A month after Ed Stolz sought chapter 11 protection to block the sale of his three FMs, the Royce International Broadcasting founder is asking a federal bankruptcy court in Nevada to force receiver Larry Patrick to turn control of the stations back over to him. Citing federal law, Stolz says any custodian with knowledge of the case cannot take any action – including selling the stations – and must transfer the property back to the debtholder’s control.
“The property of the debtor in a receiver’s possession is considered property of the state under [federal law] and is to be turned over by any custodian,” Stolz argues in a motion filed in Reno. “A receiver who continues to exercise post-petition control over property of the estate without the bankruptcy court’s authority does so unlawfully,” the filing added.
Judge August Landis has not yet ruled on the request and Patrick’s attorney has made it clear they have no immediate plans to turn the stations back over to Stolz. Attorney Rory Miller told Stolz’s legal team that doing so would violate their obligation to act in the best fiduciary responsibilities.
“We will not do so absent a direct court order,” Miller said in an email to Stolz’s attorneys. In a separate email, Miller purportedly said that Stolz is “singularly unfit to have anything to do with the properties, whether within or without the bankruptcy protection process.” He goes on to say that there is “no clearer example” of where the interests of the creditors would be best served by keeping Patrick in place as the custodian of the stations. The emails were shared with the Federal Communications Commission.
The near-term impact may be at the FCC, where Stolz has alerted the agency of his bankruptcy filing and questions about whether Patrick has the legal authority to go forward with the pending $6 million acquisition by VCY America of the former CHRs “92.7 The Revolution” KREV San Francisco, “104.3 Now” KFRH Las Vegas, and “Hot Hits 97.7” KRCK-FM Palm Springs, CA.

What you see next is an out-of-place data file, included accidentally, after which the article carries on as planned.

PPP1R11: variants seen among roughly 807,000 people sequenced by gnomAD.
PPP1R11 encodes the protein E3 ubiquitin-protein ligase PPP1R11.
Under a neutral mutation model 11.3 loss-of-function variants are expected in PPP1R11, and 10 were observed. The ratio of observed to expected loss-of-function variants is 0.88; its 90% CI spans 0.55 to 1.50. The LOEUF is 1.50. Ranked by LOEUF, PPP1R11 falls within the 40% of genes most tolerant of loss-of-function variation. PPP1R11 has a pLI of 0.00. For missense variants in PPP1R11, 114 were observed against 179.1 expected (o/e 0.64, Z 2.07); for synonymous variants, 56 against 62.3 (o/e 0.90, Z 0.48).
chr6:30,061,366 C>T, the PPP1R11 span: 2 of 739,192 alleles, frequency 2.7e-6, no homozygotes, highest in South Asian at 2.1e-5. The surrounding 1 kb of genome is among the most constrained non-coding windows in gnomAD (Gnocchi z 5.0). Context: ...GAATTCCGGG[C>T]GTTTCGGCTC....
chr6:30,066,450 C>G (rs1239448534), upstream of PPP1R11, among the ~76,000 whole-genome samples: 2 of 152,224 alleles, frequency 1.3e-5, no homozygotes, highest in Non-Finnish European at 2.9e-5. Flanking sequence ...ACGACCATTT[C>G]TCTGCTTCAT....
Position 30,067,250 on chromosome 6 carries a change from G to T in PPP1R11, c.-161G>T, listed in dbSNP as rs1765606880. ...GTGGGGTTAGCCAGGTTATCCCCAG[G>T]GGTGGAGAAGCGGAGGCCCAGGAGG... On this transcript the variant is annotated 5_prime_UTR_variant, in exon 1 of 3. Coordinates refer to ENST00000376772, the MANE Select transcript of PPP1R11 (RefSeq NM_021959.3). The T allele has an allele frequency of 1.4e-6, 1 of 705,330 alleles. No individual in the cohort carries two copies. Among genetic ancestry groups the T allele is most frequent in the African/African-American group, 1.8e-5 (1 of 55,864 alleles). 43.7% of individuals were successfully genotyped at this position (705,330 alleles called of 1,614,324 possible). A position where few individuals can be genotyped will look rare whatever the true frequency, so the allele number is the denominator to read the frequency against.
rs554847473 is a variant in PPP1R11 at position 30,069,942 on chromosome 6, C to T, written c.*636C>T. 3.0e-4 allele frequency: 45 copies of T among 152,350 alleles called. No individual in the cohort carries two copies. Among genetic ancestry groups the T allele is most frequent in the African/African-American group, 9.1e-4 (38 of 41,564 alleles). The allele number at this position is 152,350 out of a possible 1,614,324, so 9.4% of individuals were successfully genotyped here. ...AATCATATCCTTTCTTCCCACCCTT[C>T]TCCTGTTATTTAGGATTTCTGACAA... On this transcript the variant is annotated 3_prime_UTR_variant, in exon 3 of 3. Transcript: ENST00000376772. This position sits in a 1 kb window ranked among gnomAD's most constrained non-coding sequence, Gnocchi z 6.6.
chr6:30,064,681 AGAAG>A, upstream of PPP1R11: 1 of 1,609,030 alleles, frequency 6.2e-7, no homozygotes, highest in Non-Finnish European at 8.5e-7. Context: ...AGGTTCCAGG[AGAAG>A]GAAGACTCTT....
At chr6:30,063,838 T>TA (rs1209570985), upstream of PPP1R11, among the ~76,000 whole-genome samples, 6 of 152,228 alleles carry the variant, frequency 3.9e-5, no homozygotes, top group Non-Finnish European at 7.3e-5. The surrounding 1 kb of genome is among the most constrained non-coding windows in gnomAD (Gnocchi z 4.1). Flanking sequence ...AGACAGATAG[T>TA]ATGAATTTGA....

Stolz’s legal team tells the FCC that Patrick “no longer has the authority to sell the radio stations” and that he must turn the keys back over to their owner. “In defiance of federal law, Patrick has refused to turn over the radio station assets or even to initiate the process of seeking FCC consent to the return of the station licenses to the bankruptcy estates,” they added.
The FCC is likely to leave the decision on whether Patrick can remain the receiver to the federal courts. But any approval of VCY America’s nearly year-old deal to buy the FMs is not expected until there is a resolution. While it waits, VCY America has already put its religious format on the FMs under a local marketing agreement.
Stolz has been fighting the potential sale of his stations for months and his maneuver in bankruptcy court came on the heels of an update provided by Patrick to Judge Jesus Bernal who has been overseeing the case that stemmed out of a copyright infringement suit brought by several music companies against the Stolz-owned stations. Stolz has paid the $1.3 million that was due to the copyright holders whose case trigger the two-year battle. But Patrick told the court in October that since Bernal ordered Stolz on Aug. 26 to pay $642,190 in fees and costs to cover the receivership and $340,040 to the Bellaire Towers Homeowners Association, nothing had been paid.